John straightened. “I'll leave you alone. It's been a pleasure to meet you.” He went back to his table.

“Our baby-sitter's dad,” said Zee.

“Ah. Nice fellow.”

“He's a professor up at Weststock College,” I said. “Teaches medieval lit.”

Corrie laughed. “Probably explains why he likes my music. It's pretty old, too.” He looked around the room, and most of the smile faded from his face. “Guess Adam didn't make it. There's a few young folks still playing and singing the blues, but most of them are listening to other kinds of music these days.”

“When the new stuff is gone, the blues will still be around,” said Zee, who, like me, was not a fan of most popular music. “Who's Adam?”

“Grandson of a friend. The boy I'm staying with. Thought he might come by tonight, but I guess not.”

“His loss,” said Zee, wasting no sympathy on Adam. She patted Corrie's hand with hers.

“You ever decide to go on the road, and if I have any money, I'll hire you to do my publicity,” said Corrie, a new smile appearing on his face.

From beyond the walls of the building we could hear the sounds of traffic and, somewhere far off, that of a siren. Some cop was heading for an accident, or an ambulance was taking somebody to the hospital, or a fire truck was on its way. The island was not immune to blues of its own.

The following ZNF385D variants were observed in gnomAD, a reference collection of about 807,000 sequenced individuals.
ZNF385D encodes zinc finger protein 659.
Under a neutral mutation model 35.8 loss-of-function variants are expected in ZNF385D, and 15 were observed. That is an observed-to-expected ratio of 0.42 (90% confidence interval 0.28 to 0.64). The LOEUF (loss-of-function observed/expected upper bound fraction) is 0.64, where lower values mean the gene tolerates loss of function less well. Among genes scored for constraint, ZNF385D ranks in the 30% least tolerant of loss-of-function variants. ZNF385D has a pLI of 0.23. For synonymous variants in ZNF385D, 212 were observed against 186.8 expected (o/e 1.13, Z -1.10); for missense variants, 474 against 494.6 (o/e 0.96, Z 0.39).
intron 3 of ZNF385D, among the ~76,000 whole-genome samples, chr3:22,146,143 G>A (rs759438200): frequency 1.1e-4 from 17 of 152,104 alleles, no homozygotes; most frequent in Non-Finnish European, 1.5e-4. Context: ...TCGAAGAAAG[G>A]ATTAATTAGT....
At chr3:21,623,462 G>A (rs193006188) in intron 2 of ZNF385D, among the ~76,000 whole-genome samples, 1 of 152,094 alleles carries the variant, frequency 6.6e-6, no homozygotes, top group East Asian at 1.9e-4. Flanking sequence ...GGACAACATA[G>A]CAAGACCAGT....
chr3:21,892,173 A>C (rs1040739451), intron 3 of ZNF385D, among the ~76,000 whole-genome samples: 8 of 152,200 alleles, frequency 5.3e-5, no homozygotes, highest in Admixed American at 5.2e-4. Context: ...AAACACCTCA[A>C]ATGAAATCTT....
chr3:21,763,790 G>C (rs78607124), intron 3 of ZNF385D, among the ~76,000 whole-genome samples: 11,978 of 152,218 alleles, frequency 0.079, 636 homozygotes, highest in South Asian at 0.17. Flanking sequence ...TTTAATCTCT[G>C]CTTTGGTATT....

“I better get back up there,” said Corrie.

He returned to the mike and, as the audience quieted, began a second set, this time alternating songs of many kinds: soulful ones, sad ones, comic ones that startled the audience into laughter, gospel songs, songs I remembered from my childhood, followed by others I'd never heard. The sounds of the outer world went away as his fingers picked and stroked the strings of the old Martin, and his ageless voice filled the room like smoke.

Saturday night at Kenney's,
We were sitting in a booth;
Tom Blues walked in among us,
Looking tear stained and uncouth.
Tom says, “Gimme a drink of whiskey,
Gimme a drink of gin;
I'm feeling mighty thirsty,
Though I know that it's a sin.”

Corrie let the guitar speak alone for a while, then came back to the words of the song.

“It's not that I'm a bitcher, boys;
I always wear a smile;
but when I'm feeling low down,
I got to go on down town,
Just to lose those Down Town Tom Tom Blues.”

Drinking liquor to forget hard times. A traditional cure that rarely worked, but one a lot of us had tried, for we all want to lose the blues at some time or other. I wished Tom well, whoever he might be.